For various reasons which I will not go into at the moment because I don’t feel like it, I have the urge to provide wholly unsolicited but practical advice to writers. So here it is. Why should you as a writer listen to my advice? No reason except that I published two books last year, will publish two books this year and am likely to publish another couple of books next year, and aside from that I make a whole lot of money doing what I do. On the other hand, I am also famously a cranky blowhard who readily admits to having his head up his ass a lot of the time. So take it or leave it.
1. Yes, You’re a Great Writer. So What.
Let’s be clear on this, so there’s no confusion on that matter: No one cares that you’re totally the best writer ever. They just don’t. Because while people want their writers to be many things, “the best” isn’t usually one of those things. Readers want you to be entertaining. Editors want you to have commercial appeal and not be a pain in the ass to line edit. Publishers want you to fill a hole in their production schedule. Book stores want you to stimulate foot traffic in their store. None of that inherently has anything to do with being a great writer. If you can do one or more of these things and be a great writer, nifty. If being a great writer keeps you from doing these things, well, pal, expect to be deeply underappreciated in your time. Somewhat related to this:
2. I Don’t Care If You’re a Better Writer Than Me.
Because why should I? Yes, words drip from your pen like liquid gold skittering across the finest vellum ever pounded out of a lamb. Trees weep with gratitude that their deaths afford you the paper upon which you will cast your thoughts. That’s very nice for you. Meanwhile, I’ve got my own books to write, projects to develop and clients to make happy. Your preternatural ability to weave filigreed musings into deathless prose impacts my life not at all.
I of course accept your superiority to me in the great hierarchy of writers — clearly, confronted with your brilliance, how could I not? I just don’t care. Unless you intend to spend all your time trying to thwart my career because you can’t bear to contemplate my muddy work sullying the field of endeavor over which you float, carried by the angels, simply as a practical matter what you do and what I do will have very little to do with each other.
I suspect my feeling here will be echoed by other writers. Be as brilliant as you want to be, friend. Just don’t expect the rest of us to look up from our toil to stare agape as you waft by. And somewhat related to this:
3. There is Always Someone Less Talented Than You Making More Money As a Writer.
Why? Because life (and publishing) is capricious and cruel, that’s why. Some fat bastard has been rewriting the same book for the last 25 years, and each “new” book is even more of a pointlessly smudged photocopy of his last book than the one before it, which in turn was a smudged photocopy of the book before that. And after his thick, retarded lummox of a book is planted in its own stand-up display smack in the middle of the store’s primary traffic pattern, the author is going to take that money, buy a gorgeous house on Lake Tahoe with it and use the excess cash to charm smart, pretty, ambitious girls and boys to have rampaging sex with his flabby, liver-spotted body while he watches Nick Jr. on his 83-inch high-definition plasma television. Because he can. Meanwhile, you’re lucky if a single copy of your achingly beautifully-written trade paperback, for which you were paid barely enough to cover three month’s rent on a bug-infested Alphabet City 5th-floor walkup, is shelved spine inward in a forgotten limb of the bookstore for a month before its cover is amputated and sent back to the publisher as a mark of abject failure. Welcome to the literary world!
Just remember when that happens that someone else’s retina-blindingly gorgeous manuscript — which is so much better than the tripe you write that you hardly deserve to know of its existence — lies neglected in a slush pile at a publisher, to be pawed over by a summer intern with as much taste in books as a heat-addled aardvark, before being returned 15 to 22 months after it was submitted. Yes, that’s right: You’re one of the lucky ones.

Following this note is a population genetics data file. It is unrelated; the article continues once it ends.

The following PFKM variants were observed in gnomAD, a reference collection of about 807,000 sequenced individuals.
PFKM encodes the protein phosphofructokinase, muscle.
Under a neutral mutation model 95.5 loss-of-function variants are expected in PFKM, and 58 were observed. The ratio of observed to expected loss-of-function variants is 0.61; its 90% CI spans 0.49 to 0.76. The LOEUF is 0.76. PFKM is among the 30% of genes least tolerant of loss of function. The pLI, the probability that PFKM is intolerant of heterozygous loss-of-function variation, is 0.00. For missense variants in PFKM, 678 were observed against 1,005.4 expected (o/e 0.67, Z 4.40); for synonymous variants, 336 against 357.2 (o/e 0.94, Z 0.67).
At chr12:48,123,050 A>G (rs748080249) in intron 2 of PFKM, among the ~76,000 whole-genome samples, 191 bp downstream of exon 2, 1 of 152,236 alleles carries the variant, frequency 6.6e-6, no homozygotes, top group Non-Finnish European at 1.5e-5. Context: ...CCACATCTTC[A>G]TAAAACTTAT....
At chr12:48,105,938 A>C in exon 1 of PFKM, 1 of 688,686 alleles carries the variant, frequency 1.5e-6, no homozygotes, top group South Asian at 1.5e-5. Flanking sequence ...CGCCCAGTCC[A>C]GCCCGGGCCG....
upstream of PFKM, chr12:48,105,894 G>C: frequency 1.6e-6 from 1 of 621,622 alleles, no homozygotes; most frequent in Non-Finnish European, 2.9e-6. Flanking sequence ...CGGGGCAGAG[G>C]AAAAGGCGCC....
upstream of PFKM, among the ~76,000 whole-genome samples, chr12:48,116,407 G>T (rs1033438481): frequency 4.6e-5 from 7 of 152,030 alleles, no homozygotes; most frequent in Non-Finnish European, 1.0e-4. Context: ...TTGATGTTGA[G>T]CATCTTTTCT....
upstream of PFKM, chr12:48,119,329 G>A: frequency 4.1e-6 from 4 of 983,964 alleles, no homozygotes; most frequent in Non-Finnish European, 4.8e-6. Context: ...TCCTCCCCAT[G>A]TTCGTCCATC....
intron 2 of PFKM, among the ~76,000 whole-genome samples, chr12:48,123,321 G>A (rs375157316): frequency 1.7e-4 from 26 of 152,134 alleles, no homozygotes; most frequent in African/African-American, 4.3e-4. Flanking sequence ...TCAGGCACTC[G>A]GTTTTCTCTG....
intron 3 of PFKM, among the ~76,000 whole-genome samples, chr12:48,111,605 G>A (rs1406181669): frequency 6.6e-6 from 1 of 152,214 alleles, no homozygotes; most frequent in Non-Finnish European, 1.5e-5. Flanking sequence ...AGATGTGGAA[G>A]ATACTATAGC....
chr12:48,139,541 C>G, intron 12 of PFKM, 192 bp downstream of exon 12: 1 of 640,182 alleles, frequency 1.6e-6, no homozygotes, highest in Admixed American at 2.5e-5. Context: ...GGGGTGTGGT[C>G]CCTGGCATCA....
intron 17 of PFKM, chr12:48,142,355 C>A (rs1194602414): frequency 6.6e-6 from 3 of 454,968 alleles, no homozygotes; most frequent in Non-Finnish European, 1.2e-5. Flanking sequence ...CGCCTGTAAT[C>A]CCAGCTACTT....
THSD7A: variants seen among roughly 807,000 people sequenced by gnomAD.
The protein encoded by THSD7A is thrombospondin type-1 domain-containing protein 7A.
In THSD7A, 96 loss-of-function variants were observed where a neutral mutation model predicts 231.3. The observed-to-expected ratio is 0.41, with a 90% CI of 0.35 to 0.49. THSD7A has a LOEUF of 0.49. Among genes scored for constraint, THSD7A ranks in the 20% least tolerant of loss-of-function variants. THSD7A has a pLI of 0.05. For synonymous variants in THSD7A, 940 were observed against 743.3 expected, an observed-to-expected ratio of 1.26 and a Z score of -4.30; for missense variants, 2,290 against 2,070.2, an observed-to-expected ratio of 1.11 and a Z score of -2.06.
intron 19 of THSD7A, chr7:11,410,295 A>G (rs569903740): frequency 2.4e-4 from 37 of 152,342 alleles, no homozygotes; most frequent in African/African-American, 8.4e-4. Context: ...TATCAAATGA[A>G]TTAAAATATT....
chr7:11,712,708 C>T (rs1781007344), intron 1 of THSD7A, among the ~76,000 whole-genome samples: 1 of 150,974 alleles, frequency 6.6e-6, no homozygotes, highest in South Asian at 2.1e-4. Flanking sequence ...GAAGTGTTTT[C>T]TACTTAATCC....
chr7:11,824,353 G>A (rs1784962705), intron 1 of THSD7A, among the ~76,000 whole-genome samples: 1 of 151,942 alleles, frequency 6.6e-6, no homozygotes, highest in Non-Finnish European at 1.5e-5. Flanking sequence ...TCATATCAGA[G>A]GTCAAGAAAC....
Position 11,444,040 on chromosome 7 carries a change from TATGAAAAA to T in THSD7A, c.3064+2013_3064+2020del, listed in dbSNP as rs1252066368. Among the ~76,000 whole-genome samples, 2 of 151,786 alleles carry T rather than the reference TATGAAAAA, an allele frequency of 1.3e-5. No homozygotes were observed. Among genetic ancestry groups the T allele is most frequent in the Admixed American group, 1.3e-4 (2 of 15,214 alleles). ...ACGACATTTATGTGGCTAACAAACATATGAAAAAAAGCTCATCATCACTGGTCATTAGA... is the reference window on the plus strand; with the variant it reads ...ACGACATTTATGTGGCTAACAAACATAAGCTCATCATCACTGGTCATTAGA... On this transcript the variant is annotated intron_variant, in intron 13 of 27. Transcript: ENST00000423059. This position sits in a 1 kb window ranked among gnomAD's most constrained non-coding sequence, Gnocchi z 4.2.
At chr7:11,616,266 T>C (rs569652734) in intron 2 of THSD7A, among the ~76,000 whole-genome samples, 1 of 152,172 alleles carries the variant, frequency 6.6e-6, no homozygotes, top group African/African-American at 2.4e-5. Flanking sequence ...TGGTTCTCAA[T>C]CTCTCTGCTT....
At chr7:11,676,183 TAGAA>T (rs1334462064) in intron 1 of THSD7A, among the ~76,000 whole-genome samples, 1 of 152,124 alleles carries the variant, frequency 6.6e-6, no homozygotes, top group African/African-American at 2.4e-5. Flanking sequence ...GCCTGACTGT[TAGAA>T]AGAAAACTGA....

4. Your Opinion About Other Writers (And Their Writing) Means Nothing.
In one of the comment threads on this site, a correspondent mentions that another writer was telling her that no editor would ever buy my novels — and later that very same day I announced that I’d been signed to a two-novel deal, and that the books would be coming out in hardback. Why on this subject was this other writer so clearly and obviously wrong, wrong, wrong? Well, simple: Because he knows nothing — or at the very least, he knew nothing useful about the market in which these books would be in play. His opinion was that I was a bad writer and my books stank, but the reality was someone in a position to buy my work thought I was competent enough and the book good enough to purchase (and to justify another book purchase from me, sight unseen).
This is not to pound on this particular writer for knowing absolutely nothing about the market he was presuming to comment upon. Well, actually that’s a lie: it is. But allow me to be the first to note that there are a lot of books out there — really successful books — that I wouldn’t have given a snowball’s chance in Hell of ever being published. And yet, there they are, selling millions. Why? Because I know nothing, too. As writers, our jobs are not to know anything about other writers and their work; our jobs are to work on our own writing.
This is not to say one can’t have opinions about other writers and their work; we can. We all do. But we shouldn’t bother pretending that our opinions have any relation to how that writer and his or her work will fare in the world. Speaking as a writer, and someone with an opinion, I don’t need to validate my opinion by assuming it has a greater significance than being my own opinion. I have enough of an ego to feel that it merely being my opinion is good enough.
5. You’re Not Fooling Anyone When You Take Your Laptop to a Coffee Shop, You Know.
I mean, Christ, people. All that tapping and leaning back thoughtfully in your chair with a mug of whatever while you pretend to edit your latest masterpiece. You couldn’t be more obvious if you had a garish, flashing neon sign over your head that said “Looking For Sex.” Go home, why don’t you. Just go.
Admittedly if everyone followed my advice the entire economy of Park Slope would implode. But look, do you want to write, or do you want to get laid? No, don’t answer that. Anyway, if you really want to impress the hot whomevers, you’ll bring your bound galleys to the coffeeshop to edit. That’ll make the laptop tappers look like pathetic chumps. We’re talking hot libidinous mammal sex for days.
6. Until You’re Published, You’re Just in the Peanut Gallery.